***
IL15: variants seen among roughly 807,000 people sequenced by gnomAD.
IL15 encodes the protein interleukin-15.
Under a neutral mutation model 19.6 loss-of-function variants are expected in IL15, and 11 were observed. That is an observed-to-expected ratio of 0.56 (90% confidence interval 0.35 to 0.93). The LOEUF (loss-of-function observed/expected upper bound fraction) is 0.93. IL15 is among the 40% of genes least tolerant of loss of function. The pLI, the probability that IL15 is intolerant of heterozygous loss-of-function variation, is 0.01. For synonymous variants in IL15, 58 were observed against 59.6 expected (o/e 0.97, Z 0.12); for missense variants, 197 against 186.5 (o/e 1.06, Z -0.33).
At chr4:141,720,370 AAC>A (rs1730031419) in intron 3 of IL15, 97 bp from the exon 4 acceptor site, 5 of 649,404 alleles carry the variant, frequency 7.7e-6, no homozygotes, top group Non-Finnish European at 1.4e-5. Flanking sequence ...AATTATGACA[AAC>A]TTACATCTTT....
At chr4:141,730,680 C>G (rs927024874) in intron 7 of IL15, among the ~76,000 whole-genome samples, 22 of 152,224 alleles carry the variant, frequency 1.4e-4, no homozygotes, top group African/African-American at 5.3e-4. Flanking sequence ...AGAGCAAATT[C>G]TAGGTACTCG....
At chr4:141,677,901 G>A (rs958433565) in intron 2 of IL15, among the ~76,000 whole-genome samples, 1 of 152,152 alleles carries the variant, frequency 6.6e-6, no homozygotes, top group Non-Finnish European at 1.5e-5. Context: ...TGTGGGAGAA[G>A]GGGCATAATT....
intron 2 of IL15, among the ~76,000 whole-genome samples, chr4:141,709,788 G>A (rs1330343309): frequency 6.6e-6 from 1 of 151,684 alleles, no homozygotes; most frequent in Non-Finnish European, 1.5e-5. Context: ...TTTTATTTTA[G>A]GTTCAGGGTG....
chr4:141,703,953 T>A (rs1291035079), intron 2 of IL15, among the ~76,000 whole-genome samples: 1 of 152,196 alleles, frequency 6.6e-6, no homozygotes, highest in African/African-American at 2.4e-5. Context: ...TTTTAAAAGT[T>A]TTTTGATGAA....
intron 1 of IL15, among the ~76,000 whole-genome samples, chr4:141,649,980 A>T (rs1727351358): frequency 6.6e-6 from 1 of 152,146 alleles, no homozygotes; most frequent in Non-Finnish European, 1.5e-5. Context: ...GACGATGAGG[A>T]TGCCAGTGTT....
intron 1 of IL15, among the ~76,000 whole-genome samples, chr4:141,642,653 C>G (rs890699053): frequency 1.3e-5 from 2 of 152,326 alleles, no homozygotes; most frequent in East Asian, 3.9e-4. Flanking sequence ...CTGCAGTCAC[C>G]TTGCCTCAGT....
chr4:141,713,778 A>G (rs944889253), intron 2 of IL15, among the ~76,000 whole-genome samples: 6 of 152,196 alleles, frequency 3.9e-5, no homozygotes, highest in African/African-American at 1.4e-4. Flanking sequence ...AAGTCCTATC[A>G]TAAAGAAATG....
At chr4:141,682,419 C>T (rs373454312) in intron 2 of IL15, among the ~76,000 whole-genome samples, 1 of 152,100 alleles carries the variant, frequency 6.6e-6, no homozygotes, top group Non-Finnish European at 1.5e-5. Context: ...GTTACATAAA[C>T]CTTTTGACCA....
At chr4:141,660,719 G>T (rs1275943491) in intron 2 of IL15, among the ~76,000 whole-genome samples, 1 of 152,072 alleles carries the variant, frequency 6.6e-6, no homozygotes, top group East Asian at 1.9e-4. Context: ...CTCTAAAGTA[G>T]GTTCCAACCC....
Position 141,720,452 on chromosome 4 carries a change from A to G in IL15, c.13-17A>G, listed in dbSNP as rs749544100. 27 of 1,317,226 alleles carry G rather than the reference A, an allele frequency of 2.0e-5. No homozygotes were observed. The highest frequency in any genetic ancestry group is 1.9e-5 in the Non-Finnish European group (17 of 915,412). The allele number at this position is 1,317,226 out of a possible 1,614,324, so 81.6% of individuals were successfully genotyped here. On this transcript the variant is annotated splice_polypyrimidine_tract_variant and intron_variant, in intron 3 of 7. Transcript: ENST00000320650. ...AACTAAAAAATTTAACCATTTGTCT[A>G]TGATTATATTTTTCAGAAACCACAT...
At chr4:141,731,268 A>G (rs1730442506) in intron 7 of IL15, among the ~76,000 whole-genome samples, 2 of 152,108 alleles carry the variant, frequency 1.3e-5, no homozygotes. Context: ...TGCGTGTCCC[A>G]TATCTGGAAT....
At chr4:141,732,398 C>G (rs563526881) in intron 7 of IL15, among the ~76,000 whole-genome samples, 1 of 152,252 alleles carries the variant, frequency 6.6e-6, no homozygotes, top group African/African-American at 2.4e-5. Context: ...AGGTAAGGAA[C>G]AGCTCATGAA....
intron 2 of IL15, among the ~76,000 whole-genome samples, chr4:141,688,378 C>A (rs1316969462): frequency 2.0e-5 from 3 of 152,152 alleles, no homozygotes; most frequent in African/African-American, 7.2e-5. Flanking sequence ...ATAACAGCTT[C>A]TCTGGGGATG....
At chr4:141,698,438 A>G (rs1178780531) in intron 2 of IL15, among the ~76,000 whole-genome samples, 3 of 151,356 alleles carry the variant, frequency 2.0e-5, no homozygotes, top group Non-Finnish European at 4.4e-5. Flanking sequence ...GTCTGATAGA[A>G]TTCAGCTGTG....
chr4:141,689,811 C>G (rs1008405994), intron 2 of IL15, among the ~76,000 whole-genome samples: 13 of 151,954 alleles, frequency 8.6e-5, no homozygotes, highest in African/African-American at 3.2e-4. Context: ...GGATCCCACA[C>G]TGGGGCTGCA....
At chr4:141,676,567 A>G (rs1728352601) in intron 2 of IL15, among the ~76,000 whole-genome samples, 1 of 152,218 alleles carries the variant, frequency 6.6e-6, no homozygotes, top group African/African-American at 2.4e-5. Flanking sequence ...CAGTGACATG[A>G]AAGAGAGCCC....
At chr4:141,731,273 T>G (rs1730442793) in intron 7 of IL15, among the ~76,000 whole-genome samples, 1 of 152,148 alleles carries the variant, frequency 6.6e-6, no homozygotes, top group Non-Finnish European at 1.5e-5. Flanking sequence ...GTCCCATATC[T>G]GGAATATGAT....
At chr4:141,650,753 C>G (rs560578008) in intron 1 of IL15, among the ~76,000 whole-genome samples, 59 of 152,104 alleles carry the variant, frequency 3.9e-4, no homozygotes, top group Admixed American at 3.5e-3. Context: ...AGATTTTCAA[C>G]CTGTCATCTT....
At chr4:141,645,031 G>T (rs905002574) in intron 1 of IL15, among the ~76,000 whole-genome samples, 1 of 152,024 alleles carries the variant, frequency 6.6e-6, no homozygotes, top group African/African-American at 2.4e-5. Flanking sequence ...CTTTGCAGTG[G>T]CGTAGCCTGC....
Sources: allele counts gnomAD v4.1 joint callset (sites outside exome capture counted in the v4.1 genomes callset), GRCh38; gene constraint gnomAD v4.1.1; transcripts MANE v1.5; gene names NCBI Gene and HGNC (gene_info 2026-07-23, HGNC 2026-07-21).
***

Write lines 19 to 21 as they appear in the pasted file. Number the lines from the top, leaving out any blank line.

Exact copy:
chr4:141,689,811 C>G (rs1008405994), intron 2 of IL15, among the ~76,000 whole-genome samples: 13 of 151,954 alleles, frequency 8.6e-5, no homozygotes, highest in African/African-American at 3.2e-4. Context: ...GGATCCCACA[C>G]TGGGGCTGCA....
At chr4:141,676,567 A>G (rs1728352601) in intron 2 of IL15, among the ~76,000 whole-genome samples, 1 of 152,218 alleles carries the variant, frequency 6.6e-6, no homozygotes, top group African/African-American at 2.4e-5. Flanking sequence ...CAGTGACATG[A>G]AAGAGAGCCC....
At chr4:141,731,273 T>G (rs1730442793) in intron 7 of IL15, among the ~76,000 whole-genome samples, 1 of 152,148 alleles carries the variant, frequency 6.6e-6, no homozygotes, top group Non-Finnish European at 1.5e-5. Flanking sequence ...GTCCCATATC[T>G]GGAATATGAT....